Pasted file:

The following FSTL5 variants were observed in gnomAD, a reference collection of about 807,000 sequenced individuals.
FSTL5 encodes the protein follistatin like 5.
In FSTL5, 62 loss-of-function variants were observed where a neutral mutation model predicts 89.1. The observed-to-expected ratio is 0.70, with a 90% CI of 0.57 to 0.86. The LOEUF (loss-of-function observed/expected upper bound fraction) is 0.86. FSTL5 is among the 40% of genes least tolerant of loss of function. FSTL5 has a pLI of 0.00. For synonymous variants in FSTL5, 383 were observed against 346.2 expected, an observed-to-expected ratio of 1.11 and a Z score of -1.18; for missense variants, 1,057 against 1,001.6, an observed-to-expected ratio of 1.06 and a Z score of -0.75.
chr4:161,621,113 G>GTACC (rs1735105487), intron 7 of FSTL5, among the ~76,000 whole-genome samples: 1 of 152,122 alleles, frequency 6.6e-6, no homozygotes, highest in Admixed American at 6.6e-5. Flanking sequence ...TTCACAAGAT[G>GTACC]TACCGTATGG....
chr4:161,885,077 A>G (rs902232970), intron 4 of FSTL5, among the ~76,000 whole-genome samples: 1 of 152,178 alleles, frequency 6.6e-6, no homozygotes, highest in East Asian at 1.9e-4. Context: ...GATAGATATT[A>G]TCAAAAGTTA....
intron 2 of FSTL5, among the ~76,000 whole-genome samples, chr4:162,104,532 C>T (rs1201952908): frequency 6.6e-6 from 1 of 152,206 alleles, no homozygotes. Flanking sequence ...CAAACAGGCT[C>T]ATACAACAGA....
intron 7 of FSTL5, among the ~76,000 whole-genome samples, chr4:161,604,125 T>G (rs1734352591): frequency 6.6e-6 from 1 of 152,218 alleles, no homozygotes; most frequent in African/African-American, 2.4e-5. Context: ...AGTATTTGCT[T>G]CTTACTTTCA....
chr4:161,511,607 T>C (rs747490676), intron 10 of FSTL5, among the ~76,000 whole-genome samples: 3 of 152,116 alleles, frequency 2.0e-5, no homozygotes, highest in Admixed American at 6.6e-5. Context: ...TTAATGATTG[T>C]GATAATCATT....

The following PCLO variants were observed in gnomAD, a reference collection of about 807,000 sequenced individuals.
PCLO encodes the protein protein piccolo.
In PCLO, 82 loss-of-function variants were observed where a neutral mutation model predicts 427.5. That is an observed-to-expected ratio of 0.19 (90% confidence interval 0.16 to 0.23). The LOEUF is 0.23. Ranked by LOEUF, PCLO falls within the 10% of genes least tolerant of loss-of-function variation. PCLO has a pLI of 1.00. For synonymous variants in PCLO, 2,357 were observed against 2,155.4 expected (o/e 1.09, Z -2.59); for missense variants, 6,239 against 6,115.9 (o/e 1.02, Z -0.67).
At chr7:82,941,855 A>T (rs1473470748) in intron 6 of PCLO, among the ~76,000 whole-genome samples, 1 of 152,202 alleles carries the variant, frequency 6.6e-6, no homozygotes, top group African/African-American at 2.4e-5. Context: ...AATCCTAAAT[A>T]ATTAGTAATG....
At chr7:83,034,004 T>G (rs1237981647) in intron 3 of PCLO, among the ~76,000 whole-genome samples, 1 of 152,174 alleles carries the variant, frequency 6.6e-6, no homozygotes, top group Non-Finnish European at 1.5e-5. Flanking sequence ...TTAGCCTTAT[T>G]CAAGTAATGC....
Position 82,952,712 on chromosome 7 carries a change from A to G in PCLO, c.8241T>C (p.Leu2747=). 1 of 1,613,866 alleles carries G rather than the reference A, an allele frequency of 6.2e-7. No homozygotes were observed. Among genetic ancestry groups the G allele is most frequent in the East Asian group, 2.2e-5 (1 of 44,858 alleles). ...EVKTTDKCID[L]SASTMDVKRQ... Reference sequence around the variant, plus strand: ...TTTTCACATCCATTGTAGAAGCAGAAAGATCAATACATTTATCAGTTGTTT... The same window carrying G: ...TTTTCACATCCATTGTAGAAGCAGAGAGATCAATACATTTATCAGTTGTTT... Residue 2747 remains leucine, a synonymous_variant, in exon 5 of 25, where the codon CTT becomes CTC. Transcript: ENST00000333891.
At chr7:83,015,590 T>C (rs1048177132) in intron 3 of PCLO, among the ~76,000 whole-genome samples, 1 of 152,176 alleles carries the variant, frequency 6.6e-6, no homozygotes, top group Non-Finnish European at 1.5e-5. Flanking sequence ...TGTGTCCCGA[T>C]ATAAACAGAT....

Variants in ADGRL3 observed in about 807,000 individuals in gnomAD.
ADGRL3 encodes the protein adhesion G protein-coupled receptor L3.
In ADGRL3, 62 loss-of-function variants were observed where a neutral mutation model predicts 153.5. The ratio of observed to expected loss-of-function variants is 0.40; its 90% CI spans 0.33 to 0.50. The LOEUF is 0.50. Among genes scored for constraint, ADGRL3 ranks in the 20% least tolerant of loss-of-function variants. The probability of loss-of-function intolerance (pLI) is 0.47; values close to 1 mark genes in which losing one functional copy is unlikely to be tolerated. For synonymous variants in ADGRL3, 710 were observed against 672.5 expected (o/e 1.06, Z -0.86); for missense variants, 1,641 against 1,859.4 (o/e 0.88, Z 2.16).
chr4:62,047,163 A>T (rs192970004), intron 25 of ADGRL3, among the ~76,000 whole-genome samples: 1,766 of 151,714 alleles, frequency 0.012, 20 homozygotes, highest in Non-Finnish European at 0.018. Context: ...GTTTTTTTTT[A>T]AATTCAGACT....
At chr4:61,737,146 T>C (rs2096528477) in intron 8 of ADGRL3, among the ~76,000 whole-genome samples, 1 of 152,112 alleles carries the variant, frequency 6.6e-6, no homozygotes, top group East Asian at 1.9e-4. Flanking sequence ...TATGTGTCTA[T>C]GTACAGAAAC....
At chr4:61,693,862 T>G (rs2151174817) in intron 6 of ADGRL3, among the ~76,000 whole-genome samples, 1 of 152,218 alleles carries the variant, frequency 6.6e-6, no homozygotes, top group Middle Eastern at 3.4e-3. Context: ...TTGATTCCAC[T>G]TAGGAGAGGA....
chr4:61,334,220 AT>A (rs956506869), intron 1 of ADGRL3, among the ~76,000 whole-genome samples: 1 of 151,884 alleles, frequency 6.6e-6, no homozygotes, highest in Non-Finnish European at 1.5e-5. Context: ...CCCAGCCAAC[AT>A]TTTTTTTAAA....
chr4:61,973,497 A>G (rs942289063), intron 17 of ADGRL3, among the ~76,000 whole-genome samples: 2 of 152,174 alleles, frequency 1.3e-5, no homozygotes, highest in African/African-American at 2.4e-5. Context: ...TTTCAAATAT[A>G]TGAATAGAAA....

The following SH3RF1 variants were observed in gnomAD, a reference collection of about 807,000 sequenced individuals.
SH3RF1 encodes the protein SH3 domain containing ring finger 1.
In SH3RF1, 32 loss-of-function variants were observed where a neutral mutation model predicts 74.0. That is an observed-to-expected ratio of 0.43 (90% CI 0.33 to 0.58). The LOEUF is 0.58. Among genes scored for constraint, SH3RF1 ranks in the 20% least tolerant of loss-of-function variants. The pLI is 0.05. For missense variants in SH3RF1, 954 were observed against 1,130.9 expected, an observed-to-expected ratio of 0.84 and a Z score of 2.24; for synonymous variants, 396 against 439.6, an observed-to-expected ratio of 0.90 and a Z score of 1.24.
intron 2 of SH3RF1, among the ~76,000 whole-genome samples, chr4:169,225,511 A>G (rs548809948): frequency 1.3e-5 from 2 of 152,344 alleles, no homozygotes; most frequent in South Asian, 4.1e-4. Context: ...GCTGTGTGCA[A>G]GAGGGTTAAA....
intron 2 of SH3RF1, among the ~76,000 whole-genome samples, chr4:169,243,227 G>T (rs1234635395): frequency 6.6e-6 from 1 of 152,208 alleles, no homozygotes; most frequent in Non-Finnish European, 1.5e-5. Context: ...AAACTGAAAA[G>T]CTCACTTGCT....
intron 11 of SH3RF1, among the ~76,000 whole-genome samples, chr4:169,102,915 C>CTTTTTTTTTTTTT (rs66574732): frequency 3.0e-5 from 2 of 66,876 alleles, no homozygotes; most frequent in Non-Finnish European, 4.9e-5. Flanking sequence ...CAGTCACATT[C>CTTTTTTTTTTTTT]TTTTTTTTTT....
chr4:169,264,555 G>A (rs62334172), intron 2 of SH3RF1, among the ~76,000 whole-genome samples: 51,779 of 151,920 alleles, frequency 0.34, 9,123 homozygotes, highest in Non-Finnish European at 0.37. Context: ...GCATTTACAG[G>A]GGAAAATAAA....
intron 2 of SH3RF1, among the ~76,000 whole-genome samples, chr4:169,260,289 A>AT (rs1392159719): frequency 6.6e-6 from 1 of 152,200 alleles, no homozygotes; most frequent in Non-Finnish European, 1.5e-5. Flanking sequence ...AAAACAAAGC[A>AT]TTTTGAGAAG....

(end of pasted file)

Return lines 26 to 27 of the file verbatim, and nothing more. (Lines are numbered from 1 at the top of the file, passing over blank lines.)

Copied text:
In SH3RF1, 32 loss-of-function variants were observed where a neutral mutation model predicts 74.0. That is an observed-to-expected ratio of 0.43 (90% CI 0.33 to 0.58). The LOEUF is 0.58. Among genes scored for constraint, SH3RF1 ranks in the 20% least tolerant of loss-of-function variants. The pLI is 0.05. For missense variants in SH3RF1, 954 were observed against 1,130.9 expected, an observed-to-expected ratio of 0.84 and a Z score of 2.24; for synonymous variants, 396 against 439.6, an observed-to-expected ratio of 0.90 and a Z score of 1.24.
intron 2 of SH3RF1, among the ~76,000 whole-genome samples, chr4:169,225,511 A>G (rs548809948): frequency 1.3e-5 from 2 of 152,344 alleles, no homozygotes; most frequent in South Asian, 4.1e-4. Context: ...GCTGTGTGCA[A>G]GAGGGTTAAA....